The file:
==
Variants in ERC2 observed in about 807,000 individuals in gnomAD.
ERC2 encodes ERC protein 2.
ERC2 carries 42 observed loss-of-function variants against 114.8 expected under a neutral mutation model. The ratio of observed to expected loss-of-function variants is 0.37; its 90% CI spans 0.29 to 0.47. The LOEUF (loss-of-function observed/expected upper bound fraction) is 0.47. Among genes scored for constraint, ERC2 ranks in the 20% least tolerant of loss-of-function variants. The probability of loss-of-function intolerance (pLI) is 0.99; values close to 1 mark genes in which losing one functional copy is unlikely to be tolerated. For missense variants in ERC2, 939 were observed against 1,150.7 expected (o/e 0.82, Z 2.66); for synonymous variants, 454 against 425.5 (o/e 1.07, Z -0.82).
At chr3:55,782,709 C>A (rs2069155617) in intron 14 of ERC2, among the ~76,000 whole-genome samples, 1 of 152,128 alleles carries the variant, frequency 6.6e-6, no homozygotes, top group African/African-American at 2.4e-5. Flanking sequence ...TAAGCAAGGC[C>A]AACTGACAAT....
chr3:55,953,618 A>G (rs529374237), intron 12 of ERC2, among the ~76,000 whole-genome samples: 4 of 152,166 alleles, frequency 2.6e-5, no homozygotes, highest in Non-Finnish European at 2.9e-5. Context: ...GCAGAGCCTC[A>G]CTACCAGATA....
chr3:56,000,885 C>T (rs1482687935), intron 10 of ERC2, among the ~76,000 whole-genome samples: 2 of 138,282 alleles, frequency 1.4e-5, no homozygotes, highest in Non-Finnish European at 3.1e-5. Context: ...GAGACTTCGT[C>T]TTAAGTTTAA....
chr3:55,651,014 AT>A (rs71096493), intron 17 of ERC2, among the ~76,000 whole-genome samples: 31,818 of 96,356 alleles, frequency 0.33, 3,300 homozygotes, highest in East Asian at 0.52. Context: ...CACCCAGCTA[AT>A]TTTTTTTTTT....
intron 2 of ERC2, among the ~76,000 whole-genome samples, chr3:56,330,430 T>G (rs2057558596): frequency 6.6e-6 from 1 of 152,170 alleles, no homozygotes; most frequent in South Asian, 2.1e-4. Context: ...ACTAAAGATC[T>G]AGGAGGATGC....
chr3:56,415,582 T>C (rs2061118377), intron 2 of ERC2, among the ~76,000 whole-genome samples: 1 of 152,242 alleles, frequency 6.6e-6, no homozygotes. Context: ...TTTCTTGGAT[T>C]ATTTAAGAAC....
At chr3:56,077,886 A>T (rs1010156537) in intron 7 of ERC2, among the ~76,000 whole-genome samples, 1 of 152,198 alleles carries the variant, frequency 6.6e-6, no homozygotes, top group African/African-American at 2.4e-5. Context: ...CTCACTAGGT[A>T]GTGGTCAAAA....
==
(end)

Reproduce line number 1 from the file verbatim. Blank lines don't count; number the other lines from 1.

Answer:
Variants in ERC2 observed in about 807,000 individuals in gnomAD.